Olympics: Revisiting Henry Iba's role in USA basketball's lowest moment
COMMENTARY — Was Henry Iba dazed, confused and powerless during USA basketball's lowest moment? Or was Oklahoma State's legendary coach just doing the right thing in the midst of chaos when the Russians toppled the USA 40 years ago next month.
Don Haskins wanted Henry Iba to pull his players off the court. Wanted Iba to send his American basketball players to the showers, and if FIBA, the international ruling body for basketball, wanted to wrap a gold medal around Soviet necks, let them have at it.
And Jack Herron wants you to know why.
America won basketball gold at the London Olympics last Sunday. It was a grand time. But it wasn't enough.
The Dream Team's 1992 dominance and the Redeem Team's 2008 gold and the LeBron/Kevin Durant spectacular of last week and whatever is to come in Olympic basketball will not make up for 1972.
The Olympiad when the U.S. first lost the gold.
The Soviets beat the U.S. 50-49 in one of the great controversies in 20th-century sport. After Doug Collins' two foul shots gave the U.S. a 49-48 lead with three seconds left, the Soviets inbounded the ball not once, not twice, but three times before Alexander Belov caught a full-court pass and laid in a basket at the buzzer.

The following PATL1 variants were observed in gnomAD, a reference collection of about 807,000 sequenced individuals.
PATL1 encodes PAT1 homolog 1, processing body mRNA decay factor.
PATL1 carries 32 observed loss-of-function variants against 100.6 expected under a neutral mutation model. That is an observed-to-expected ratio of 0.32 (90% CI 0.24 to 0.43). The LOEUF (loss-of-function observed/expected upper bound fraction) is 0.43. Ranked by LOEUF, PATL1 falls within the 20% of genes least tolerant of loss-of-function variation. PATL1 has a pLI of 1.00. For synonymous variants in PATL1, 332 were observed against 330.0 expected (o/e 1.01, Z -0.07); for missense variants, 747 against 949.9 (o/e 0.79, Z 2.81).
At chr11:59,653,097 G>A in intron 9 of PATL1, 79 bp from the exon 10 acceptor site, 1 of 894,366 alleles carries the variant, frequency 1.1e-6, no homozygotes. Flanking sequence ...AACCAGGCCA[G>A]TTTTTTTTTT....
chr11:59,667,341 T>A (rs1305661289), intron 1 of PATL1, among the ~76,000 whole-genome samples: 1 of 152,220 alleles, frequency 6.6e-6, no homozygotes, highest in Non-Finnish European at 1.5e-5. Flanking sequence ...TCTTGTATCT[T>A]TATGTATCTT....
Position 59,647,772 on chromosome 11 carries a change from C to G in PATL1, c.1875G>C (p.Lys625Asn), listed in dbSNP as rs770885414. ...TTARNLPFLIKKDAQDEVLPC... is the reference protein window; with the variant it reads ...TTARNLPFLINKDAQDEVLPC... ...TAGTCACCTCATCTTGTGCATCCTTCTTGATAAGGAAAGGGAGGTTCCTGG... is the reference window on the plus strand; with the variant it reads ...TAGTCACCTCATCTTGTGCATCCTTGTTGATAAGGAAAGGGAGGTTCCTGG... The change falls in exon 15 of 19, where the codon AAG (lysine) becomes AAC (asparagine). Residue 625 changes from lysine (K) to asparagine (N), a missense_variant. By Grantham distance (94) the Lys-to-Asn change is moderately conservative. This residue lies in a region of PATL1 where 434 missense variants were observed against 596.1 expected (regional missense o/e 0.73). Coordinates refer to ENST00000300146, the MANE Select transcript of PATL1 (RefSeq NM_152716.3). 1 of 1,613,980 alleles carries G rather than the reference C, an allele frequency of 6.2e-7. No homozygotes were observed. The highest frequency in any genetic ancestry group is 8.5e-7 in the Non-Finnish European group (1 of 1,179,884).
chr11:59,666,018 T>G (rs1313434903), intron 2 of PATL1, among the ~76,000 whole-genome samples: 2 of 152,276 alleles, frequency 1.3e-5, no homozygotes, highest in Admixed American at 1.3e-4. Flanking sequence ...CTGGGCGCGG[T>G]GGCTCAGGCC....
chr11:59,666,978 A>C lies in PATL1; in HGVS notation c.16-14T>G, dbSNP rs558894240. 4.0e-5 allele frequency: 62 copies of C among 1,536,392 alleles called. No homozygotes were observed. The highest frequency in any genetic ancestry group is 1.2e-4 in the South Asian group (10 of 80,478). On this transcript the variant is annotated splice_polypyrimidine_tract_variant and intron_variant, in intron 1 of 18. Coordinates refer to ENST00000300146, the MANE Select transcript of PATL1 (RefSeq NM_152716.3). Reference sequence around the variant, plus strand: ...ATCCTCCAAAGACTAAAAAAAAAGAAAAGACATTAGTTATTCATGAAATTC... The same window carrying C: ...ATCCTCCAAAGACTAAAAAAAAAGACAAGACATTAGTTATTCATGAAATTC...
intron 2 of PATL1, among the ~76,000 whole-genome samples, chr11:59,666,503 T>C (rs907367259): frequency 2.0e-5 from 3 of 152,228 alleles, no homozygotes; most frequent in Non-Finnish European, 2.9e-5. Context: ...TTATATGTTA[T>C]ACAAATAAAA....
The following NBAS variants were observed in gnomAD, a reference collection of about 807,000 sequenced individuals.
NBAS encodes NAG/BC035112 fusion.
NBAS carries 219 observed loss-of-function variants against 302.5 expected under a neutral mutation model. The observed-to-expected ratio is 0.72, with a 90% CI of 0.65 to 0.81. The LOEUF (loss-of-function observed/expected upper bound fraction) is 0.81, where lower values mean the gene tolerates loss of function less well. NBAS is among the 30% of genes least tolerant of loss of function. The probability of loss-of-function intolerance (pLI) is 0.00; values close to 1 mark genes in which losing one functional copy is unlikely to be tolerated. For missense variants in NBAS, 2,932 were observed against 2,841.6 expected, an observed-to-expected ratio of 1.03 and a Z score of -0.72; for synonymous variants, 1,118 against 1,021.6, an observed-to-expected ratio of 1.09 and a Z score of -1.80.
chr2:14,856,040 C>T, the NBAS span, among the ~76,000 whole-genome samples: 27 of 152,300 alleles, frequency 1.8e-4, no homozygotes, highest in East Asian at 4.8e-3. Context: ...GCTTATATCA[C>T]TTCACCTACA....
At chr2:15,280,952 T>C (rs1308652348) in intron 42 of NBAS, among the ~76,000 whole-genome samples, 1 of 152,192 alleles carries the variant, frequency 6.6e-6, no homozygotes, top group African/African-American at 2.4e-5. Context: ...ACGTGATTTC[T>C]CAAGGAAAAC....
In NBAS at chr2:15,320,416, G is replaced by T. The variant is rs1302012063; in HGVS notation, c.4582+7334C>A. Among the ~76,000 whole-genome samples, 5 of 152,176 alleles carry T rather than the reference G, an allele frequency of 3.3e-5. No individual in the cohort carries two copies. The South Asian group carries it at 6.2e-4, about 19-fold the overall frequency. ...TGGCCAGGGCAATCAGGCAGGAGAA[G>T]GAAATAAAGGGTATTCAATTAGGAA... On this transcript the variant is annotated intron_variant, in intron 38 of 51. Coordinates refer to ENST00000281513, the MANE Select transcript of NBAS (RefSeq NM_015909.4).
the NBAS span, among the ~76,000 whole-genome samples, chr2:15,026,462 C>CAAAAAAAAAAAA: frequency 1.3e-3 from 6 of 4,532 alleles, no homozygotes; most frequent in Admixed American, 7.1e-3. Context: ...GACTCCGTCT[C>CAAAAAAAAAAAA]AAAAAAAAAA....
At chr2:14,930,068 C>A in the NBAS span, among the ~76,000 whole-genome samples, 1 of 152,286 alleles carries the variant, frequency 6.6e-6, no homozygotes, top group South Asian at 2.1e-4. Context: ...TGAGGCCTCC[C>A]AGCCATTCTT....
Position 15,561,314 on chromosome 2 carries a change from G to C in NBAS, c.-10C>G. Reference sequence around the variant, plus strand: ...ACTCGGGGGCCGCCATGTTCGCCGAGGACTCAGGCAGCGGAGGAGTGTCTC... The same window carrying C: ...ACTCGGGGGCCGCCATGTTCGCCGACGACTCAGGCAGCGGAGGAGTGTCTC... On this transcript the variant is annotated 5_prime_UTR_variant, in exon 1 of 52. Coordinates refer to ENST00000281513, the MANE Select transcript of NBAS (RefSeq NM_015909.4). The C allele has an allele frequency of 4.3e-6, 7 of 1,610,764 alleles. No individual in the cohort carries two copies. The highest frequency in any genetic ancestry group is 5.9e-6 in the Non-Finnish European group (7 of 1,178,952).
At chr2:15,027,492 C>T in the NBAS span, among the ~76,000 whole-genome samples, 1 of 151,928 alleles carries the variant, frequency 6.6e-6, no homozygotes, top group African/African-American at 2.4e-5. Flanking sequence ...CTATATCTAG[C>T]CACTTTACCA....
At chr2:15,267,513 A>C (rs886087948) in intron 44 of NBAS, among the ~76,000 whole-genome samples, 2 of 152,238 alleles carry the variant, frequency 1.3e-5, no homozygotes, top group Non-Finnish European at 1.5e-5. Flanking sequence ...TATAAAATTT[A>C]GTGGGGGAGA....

A series of decisions, brought on by Tower of Babel communication and interference from FIBA chief William Jones, gave the Soviets three chances to win the game.
And in the end, Iba, two years retired from an epic 36-year coaching career at OSU, looked dazed and confused and powerless.
It was a sorrowful end to a glorious career.
Iba has been painted as inept for allowing his players to be foils in what appeared to be a political mess.
But Herron says Iba should be applauded, not hooted, for how he conducted himself that day in Munich.
Iba, who died in 1993, rarely talked about the '72 Olympics, but “he did talk about it with me,” said Herron.
Herron played for Iba in the 1960s, then joined the Air Force and became a scout and consultant for his old coach in the international game. Herron, a long-time educator now retired and living in Guthrie, often was with Iba during the Olympic team selection process.
Haskins also played for Iba, coached Texas Western to the 1966 NCAA championship and was known as The Bear for his gruff toughness.
And when chaos came to the gold-medal game, and Haskins, Iba's assistant on the U.S. squad, recommended getting the heck out of Dodge, Iba chose not to.
History has not been kind to that decision. Being proactive would have seemed to be the way to go in what obviously was a ridiculous stage, with Russian (Soviet coaches) and German (scoring table) and Portuguese (head referee) and English (Jones) flowing and no one able to understand the other.
The Los Angeles Times has quoted Iba as saying the reason he didn't take his team off the court was Jones threatened forfeiture and “I don't want to lose this game later tonight, sitting on my butt.”